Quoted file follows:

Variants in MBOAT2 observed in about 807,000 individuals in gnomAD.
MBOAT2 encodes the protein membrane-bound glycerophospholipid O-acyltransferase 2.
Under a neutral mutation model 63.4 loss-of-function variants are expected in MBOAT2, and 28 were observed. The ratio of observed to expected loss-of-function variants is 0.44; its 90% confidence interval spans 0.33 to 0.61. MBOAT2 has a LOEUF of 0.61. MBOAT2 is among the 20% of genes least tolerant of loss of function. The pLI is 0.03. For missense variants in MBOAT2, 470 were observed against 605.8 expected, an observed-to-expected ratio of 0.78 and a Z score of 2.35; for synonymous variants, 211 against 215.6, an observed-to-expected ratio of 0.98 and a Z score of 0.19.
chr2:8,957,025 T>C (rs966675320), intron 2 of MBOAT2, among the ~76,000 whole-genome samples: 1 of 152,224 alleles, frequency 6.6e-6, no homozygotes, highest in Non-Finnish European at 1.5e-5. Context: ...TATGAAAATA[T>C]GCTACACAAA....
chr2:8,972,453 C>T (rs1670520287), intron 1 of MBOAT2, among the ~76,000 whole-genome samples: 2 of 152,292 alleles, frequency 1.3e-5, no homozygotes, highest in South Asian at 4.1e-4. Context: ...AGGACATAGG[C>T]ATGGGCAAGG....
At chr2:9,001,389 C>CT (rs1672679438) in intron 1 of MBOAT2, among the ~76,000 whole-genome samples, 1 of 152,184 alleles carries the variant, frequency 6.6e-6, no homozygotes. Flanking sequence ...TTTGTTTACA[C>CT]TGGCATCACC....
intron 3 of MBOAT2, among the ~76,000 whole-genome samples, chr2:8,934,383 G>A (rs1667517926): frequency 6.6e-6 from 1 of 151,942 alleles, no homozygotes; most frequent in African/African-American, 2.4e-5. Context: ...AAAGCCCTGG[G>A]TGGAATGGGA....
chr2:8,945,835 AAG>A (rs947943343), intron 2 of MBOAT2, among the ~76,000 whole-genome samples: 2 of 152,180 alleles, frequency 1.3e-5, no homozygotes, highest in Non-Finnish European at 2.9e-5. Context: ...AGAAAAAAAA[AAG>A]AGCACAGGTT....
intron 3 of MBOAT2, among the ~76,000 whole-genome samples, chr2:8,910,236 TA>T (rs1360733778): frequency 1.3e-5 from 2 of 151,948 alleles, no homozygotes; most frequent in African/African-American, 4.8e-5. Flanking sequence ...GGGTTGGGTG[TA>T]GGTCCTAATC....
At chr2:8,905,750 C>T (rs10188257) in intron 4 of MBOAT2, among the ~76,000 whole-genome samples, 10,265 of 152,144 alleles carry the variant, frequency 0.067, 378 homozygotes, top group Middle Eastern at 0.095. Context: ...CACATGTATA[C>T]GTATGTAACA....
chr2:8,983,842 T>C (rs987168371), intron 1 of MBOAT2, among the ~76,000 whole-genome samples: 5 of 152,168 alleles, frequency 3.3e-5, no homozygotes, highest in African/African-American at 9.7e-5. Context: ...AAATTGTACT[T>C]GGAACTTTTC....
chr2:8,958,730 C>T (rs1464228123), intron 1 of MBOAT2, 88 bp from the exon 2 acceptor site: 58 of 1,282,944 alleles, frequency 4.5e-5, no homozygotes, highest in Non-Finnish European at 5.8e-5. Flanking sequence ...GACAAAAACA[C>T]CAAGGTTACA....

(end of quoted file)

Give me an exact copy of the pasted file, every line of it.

Variants in MBOAT2 observed in about 807,000 individuals in gnomAD.
MBOAT2 encodes the protein membrane-bound glycerophospholipid O-acyltransferase 2.
Under a neutral mutation model 63.4 loss-of-function variants are expected in MBOAT2, and 28 were observed. The ratio of observed to expected loss-of-function variants is 0.44; its 90% confidence interval spans 0.33 to 0.61. MBOAT2 has a LOEUF of 0.61. MBOAT2 is among the 20% of genes least tolerant of loss of function. The pLI is 0.03. For missense variants in MBOAT2, 470 were observed against 605.8 expected, an observed-to-expected ratio of 0.78 and a Z score of 2.35; for synonymous variants, 211 against 215.6, an observed-to-expected ratio of 0.98 and a Z score of 0.19.
chr2:8,957,025 T>C (rs966675320), intron 2 of MBOAT2, among the ~76,000 whole-genome samples: 1 of 152,224 alleles, frequency 6.6e-6, no homozygotes, highest in Non-Finnish European at 1.5e-5. Context: ...TATGAAAATA[T>C]GCTACACAAA....
chr2:8,972,453 C>T (rs1670520287), intron 1 of MBOAT2, among the ~76,000 whole-genome samples: 2 of 152,292 alleles, frequency 1.3e-5, no homozygotes, highest in South Asian at 4.1e-4. Context: ...AGGACATAGG[C>T]ATGGGCAAGG....
At chr2:9,001,389 C>CT (rs1672679438) in intron 1 of MBOAT2, among the ~76,000 whole-genome samples, 1 of 152,184 alleles carries the variant, frequency 6.6e-6, no homozygotes. Flanking sequence ...TTTGTTTACA[C>CT]TGGCATCACC....
intron 3 of MBOAT2, among the ~76,000 whole-genome samples, chr2:8,934,383 G>A (rs1667517926): frequency 6.6e-6 from 1 of 151,942 alleles, no homozygotes; most frequent in African/African-American, 2.4e-5. Context: ...AAAGCCCTGG[G>A]TGGAATGGGA....
chr2:8,945,835 AAG>A (rs947943343), intron 2 of MBOAT2, among the ~76,000 whole-genome samples: 2 of 152,180 alleles, frequency 1.3e-5, no homozygotes, highest in Non-Finnish European at 2.9e-5. Context: ...AGAAAAAAAA[AAG>A]AGCACAGGTT....
intron 3 of MBOAT2, among the ~76,000 whole-genome samples, chr2:8,910,236 TA>T (rs1360733778): frequency 1.3e-5 from 2 of 151,948 alleles, no homozygotes; most frequent in African/African-American, 4.8e-5. Flanking sequence ...GGGTTGGGTG[TA>T]GGTCCTAATC....
At chr2:8,905,750 C>T (rs10188257) in intron 4 of MBOAT2, among the ~76,000 whole-genome samples, 10,265 of 152,144 alleles carry the variant, frequency 0.067, 378 homozygotes, top group Middle Eastern at 0.095. Context: ...CACATGTATA[C>T]GTATGTAACA....
chr2:8,983,842 T>C (rs987168371), intron 1 of MBOAT2, among the ~76,000 whole-genome samples: 5 of 152,168 alleles, frequency 3.3e-5, no homozygotes, highest in African/African-American at 9.7e-5. Context: ...AAATTGTACT[T>C]GGAACTTTTC....
chr2:8,958,730 C>T (rs1464228123), intron 1 of MBOAT2, 88 bp from the exon 2 acceptor site: 58 of 1,282,944 alleles, frequency 4.5e-5, no homozygotes, highest in Non-Finnish European at 5.8e-5. Flanking sequence ...GACAAAAACA[C>T]CAAGGTTACA....